There's the distinct aroma of Giorgio, the expensive sheen of leather, the chic look of fall knits, a fine selection of jeans jackets and an even finer selection of legs peeking out from miniskirts.
It's back to high school--Southern California style.
Noticeably absent from the scene this fall are punkers, thrift-store clothing, sweats, girls in their fathers' clothing, visible labels, the oversized and the ostentatious. As far as the eye can see there are sharp, squeaky-clean kids looking like a generation prepared, in dress at least, to pick up the yuppie gauntlet.
They tend to disavow the tie, but they do covet the status symbols: clothes by Guess? and Girbaud, Yves Saint Laurent and Anne Klein. Their tastes, they say, are honed by parents who have fashion savvy, magazines like Seventeen, Cosmopolitan and Vogue or peers with trendy tastes. And while the men of "Miami Vice" still have some impact on what guys wear, the only celebrity trend-setter mentioned by girls is pop singer Whitney Houston.
Nicole Turner, a senior at North Hollywood High School, says she has one main fashion influence: "My mother and what I see her wearing."
Like many high school students, she seeks out style more than labels, and her outfit on the second day of school included a smart $60 long wool jacket with a fancy, striped lining (revealed by turned-back cuffs) that was a Lerner's purchase.
Equipped with expensive tastes and limited assets, local teens have staked out some favorite hunting grounds: youth-oriented stores like Contempo Casuals, Esprit, Fred Segal, G.HQ., the Limited, Robinson's, Lerner's, which Turner says has become "young and trendy," and Nordstrom, which Caroline Palmer, a 17-year-old senior at Venice High School, affectionately calls "Nordie's."
Although students say parents frequently lend a hand with clothing expenses, teens, such as Palmer and friend Jan Parks, draw the line when they spot what looks like a rip-off. This fall, it was a $50 pair of pre-torn jeans.
"I wanted them," Palmer explains, "but for that price I can cut holes in my own."
In a list of never-wears, Parks includes miniskirts; Palmer says sweats and biker shorts. Elsewhere on the Venice campus, girls who do wear miniskirts fervently eschew what their peers all across town eschew: bell-bottoms, fluorescents and polyester.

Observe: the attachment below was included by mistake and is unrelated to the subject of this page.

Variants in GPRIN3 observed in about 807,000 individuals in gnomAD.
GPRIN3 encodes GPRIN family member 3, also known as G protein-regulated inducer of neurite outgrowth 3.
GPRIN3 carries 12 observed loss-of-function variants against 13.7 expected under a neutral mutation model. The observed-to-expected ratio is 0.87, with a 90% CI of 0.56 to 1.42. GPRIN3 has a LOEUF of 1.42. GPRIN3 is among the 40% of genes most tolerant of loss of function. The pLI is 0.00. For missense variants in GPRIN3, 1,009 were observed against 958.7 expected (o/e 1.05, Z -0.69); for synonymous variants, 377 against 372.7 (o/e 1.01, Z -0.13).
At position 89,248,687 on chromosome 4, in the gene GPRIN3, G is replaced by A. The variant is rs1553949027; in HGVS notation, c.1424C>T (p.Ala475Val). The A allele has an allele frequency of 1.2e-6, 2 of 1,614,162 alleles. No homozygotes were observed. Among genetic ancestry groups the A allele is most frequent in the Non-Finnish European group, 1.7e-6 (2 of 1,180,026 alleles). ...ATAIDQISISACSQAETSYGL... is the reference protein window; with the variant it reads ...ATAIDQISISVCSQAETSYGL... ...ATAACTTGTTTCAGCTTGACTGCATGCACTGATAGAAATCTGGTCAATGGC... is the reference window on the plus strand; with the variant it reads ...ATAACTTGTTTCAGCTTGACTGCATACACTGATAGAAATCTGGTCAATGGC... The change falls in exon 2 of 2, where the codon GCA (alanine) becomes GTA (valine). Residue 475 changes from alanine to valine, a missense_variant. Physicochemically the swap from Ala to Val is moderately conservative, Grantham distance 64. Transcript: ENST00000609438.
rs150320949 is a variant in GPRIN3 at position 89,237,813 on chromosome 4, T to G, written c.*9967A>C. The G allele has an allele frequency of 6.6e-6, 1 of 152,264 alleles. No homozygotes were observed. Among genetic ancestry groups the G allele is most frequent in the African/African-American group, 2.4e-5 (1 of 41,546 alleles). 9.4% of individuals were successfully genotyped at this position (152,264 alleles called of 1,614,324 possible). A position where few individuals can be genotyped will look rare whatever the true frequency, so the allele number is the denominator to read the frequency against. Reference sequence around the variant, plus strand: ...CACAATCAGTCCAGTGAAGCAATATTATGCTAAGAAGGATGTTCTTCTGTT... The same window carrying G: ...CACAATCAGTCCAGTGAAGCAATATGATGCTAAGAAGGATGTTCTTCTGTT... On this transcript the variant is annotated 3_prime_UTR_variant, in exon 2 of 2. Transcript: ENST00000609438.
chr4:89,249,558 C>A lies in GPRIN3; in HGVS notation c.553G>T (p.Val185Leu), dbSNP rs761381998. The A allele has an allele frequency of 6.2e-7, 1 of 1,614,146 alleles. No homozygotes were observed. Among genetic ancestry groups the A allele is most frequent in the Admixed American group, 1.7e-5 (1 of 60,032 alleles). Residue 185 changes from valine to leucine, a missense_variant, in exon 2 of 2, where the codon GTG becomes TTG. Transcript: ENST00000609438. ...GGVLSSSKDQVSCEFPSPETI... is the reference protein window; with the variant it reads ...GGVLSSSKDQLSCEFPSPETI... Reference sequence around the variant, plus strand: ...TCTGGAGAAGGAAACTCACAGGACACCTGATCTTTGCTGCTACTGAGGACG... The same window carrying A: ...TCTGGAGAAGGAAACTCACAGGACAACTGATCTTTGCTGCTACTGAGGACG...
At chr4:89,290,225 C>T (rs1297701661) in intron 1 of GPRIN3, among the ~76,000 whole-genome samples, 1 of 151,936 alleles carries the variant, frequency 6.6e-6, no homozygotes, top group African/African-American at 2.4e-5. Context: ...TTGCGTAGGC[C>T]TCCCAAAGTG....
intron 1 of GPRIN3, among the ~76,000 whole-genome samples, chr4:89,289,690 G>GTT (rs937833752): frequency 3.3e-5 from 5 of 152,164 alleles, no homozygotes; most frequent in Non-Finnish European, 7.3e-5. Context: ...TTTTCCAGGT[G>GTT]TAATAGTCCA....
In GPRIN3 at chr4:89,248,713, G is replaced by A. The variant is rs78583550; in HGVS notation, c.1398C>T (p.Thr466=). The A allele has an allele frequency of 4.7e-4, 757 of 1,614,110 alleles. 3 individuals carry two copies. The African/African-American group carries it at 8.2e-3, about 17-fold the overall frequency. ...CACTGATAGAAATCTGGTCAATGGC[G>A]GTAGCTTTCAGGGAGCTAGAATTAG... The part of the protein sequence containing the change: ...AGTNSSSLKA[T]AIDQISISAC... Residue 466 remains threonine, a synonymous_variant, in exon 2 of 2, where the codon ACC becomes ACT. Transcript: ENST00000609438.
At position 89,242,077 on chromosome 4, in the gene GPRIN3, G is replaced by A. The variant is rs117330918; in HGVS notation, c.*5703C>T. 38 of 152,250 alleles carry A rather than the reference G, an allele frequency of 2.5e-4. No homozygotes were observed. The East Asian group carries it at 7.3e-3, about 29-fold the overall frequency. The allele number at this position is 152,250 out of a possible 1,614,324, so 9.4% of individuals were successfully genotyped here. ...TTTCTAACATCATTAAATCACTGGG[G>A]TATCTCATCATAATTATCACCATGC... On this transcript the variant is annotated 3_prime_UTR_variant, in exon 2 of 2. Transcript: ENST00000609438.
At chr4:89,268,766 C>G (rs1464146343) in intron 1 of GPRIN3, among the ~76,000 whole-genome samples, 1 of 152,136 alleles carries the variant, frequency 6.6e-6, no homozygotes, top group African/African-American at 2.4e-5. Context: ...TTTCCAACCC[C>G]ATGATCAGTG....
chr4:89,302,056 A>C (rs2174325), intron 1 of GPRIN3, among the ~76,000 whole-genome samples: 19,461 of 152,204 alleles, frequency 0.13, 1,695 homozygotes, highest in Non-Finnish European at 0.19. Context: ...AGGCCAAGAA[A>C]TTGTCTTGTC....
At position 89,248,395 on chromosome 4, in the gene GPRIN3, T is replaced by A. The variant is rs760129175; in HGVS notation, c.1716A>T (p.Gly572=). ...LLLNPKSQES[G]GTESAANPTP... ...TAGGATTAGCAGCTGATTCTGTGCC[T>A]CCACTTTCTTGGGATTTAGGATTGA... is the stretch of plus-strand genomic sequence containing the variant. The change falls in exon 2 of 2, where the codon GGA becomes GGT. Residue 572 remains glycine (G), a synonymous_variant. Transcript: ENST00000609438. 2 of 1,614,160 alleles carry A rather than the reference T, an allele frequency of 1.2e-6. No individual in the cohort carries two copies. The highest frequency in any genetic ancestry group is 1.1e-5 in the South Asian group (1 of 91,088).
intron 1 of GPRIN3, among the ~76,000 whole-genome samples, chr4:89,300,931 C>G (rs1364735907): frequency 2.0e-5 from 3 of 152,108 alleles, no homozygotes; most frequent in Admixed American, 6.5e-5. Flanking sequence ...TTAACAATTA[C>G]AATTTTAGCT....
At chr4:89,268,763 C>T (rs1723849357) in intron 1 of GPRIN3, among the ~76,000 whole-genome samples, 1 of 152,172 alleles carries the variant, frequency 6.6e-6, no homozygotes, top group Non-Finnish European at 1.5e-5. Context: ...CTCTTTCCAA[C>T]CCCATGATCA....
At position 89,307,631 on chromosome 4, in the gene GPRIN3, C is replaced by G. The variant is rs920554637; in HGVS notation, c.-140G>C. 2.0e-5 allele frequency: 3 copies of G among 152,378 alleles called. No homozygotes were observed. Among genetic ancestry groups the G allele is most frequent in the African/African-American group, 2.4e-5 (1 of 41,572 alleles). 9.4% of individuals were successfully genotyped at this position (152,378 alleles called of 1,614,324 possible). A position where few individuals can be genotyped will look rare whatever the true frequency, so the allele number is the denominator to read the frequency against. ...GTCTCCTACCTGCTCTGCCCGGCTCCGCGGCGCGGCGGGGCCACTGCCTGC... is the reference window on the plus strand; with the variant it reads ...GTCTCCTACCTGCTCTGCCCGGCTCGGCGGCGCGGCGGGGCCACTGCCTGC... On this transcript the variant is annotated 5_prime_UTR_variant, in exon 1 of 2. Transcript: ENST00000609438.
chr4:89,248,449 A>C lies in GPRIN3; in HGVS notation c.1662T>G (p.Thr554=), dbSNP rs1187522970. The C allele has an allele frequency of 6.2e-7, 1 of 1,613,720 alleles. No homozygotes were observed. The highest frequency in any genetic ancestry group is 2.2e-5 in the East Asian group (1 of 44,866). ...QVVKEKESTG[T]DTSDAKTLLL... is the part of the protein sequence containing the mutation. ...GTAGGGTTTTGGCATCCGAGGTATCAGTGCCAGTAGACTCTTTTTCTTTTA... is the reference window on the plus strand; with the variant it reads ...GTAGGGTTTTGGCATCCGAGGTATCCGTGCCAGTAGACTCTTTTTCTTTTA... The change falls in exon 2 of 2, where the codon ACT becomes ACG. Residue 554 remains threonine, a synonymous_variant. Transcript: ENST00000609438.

At South Pasadena High School, where some students say there is a tendency toward "conservative" styles, Michelle Litchfield tends to liven things up from time to time.
Last year, the slim, dark-haired senior says she created an Egyptian look by combining a long black-and-purple dress with silver jewelry and "Cleopatra eyes." This year, she went back to school wearing low patent heels, an above-the-ankle skirt, a sleeveless knit top and a black hat--purchased at Disneyland.
Her dressy look may be "fun," but in a school where shorts and casual clothes prevail, it has its downside.
"My parents think I'm silly," Litchfield says, "and today a girl snarled at me in the hall."
It's the kind of behavior that could ruin Ilona Gerzon's whole year. The Beverly Hills High newcomer explains: "I don't want to do anything to be noticed. I think being a freshman makes you stick out enough."
So Gerzon, who arrived for the first day of school clad in a salt-and-pepper cotton sweater and rather noticeable gray patterned leggings, says she won't wear any item of clothing that's silver.
It may be just as well. This is a time of teen understatement and little glitter. Daytime rhinestones have all but disappeared, and in general, jewelry has been reduced to a modest display of earrings.
"There's a lot less jewelry being worn," notes Venice High's Vanessa Velez, adding without hesitation that "silver is in."
Leather is in too, says Velez, who owns one of the season's musts: a pair of short, white, urban-cowboy boots. Her summary of fall fashions is succinct: "It's all boots and minis."
Over at Beverly Hills High, Nicole Lewis, who likes to wear another of the season's musts--high-top boots with the laces untied--has created her own style of simple jewelry. Her "bangles" include homespun bracelets made of braided wool and protective tapes stripped from her tennis racket.
Individuality, as in the case of Lewis' bracelets, is definitely on the subtle side. South Pasadena's Charles Raggio, for example, who complains that clothes on his campus are "boring," fights the trend modestly by rolling up the legs of Girbaud baggy trousers (from Country Club Fashions in Sherman Oaks, where he works) several inches. And there are no socks peeking out above his soft leather shoes.
Venice senior Sharon Jones, who concedes that "It's hard to start a trend these days," says she gets her individuality primarily from dressy clothes (example: a rayon damask blouse and matching trousers, worn with a polished-cotton jacket, patterned tights and flats). And while she likes to shop in places such as the Santa Monica Mall, she recently discovered a new way to save money: the Gardena swap meet.
Sharon Gebhart, dean of students at Venice High, explains more than just the quiet on the Venice teen fashion front. She could be explaining the hush all over Southern California.
"It's such a liberal community," Gebhart says, "it's hard to find anything to rebel against."
And her thoughts on last year's punk population could lead some adults to wish the trend would last forever: "I very seldom saw them in the vice principal's office. They might have spent a lot of time on their ensembles, but they didn't spend a lot on rabble-rousing."